Austin Criminal Attorneys
Laws Governing Switchblades
There is frequently a large amount of confusion concerning switchblades and their legality. This particular item is covered by both state and federal laws.
A mandatory minimum sentence takes into account three basic factors: the type of drug, the weight of the drug mixture or alleged weight in conspiracy cases, and the number of prior convictions an individual has. A judge is unable to consider other factors such as the offender’s role, motivation, and the likelihood of recidivism (repeated or habitual relapse).
The Texas laws that concern switchblades are found in the Texas Penal Code. They start with section 46.01 and go through section 46.05. Section 46.01 defines an illegal knife as a knife with a blade more than 5.5 inches long; a hand instrument designed to cut or stab another by being thrown; a dagger; a bowie knife; a sword; and a spear.
Switchblades are also covered in Section 46.01 of the Texas Penal Code. It is here where confusion arises. Any knife that has a blade that folds, closes, or retracts into the handle or sheath and that either opens automatically by pressure applied to a button or other device located on the handle or opens or releases a blade from the handle or sheath by the force of gravity or by the application of centrifugal force can be considered a switchblade. While the first part of the definition is rather clear, the second part brings in a lot of confusion as pretty much any knife that folds can be opened when gravity and centrifugal force are applied.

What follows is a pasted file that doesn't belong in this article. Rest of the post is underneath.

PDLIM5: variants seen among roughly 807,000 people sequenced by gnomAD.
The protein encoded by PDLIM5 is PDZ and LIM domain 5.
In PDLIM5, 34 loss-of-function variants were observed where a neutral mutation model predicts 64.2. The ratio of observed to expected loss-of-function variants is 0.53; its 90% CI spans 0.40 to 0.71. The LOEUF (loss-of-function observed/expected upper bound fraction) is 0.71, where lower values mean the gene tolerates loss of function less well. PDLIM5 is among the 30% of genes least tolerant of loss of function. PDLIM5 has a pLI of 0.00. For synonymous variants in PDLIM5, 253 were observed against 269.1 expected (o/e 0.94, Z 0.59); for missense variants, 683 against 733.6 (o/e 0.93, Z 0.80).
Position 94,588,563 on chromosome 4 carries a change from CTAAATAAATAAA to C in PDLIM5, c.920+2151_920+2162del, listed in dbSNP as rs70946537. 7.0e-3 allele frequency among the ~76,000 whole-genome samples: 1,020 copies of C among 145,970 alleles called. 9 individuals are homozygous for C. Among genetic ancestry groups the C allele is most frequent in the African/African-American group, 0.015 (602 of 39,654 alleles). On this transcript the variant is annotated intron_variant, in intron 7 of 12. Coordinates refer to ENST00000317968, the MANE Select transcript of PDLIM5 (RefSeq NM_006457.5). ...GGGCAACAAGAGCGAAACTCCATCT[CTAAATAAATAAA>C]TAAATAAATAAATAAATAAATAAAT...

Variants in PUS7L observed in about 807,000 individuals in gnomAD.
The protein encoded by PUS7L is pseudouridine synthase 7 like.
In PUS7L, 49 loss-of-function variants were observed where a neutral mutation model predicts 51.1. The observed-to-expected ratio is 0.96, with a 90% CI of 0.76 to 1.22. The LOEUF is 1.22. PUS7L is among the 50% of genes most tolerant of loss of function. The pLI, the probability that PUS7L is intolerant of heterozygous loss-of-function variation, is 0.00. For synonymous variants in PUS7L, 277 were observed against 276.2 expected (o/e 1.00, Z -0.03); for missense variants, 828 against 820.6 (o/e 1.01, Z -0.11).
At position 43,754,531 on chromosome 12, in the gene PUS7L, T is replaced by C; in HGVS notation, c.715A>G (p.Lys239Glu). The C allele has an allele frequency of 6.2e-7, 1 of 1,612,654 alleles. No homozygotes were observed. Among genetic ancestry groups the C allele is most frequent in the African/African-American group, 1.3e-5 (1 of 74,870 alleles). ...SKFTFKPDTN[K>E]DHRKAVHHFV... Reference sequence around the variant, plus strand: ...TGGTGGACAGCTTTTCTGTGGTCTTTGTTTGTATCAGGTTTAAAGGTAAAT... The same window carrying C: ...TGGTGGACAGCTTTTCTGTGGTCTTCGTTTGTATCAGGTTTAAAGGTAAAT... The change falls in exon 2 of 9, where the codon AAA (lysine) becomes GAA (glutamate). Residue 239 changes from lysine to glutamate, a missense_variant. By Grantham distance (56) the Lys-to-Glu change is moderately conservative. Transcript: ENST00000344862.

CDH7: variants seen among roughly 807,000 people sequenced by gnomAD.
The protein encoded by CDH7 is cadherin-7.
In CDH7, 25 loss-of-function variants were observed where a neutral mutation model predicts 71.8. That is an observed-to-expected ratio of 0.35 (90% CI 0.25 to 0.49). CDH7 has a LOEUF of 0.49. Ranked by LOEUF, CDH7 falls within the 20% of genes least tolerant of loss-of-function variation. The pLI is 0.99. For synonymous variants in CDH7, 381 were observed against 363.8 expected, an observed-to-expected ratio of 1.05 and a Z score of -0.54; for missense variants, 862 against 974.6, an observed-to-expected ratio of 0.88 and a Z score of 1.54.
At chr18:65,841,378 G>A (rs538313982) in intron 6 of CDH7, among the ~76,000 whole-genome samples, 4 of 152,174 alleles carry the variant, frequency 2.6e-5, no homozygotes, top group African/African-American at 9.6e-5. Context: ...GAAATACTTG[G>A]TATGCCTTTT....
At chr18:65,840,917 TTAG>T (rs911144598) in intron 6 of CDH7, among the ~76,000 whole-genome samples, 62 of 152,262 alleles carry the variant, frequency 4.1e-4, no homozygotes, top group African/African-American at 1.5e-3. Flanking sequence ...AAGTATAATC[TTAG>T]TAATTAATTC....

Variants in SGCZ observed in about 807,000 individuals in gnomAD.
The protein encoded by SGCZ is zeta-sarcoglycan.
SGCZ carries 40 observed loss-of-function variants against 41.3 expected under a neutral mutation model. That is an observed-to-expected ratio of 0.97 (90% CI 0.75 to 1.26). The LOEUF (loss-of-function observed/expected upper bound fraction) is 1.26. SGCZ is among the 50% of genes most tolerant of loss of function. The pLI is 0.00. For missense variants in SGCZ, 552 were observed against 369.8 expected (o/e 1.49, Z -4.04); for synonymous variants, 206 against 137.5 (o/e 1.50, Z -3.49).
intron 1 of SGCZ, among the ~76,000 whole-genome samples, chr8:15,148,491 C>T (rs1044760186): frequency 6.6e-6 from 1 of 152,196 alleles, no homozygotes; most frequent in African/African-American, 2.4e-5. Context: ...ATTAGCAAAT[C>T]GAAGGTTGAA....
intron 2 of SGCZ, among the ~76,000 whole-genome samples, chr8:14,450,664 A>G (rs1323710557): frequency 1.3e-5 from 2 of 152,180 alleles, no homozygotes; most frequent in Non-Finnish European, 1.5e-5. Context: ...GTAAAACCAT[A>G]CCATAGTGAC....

Section 46.05 of the Texas Penal Code makes a person that knowingly or intentionally manufactures, transports, repairs, or sells a switchblade knife guilty of a crime.
Switchblades are also covered by federal law. In particular, they are covered by the Federal Switchblade Act of 1958. This added new sections to the US Code in both the commerce section (Title 15) and the crimes section (Title 18). In Title 15, Congress made selling and transporting a switchblade across state lines a crime. Title 18 makes switchblades items that are prohibited in the mail.
If you have been accused of a weapons crime, contact the Austin weapons crimes lawyer, Ian Inglis, at 512-472-1950 to discuss the charges and to determine the best plan for your defense.
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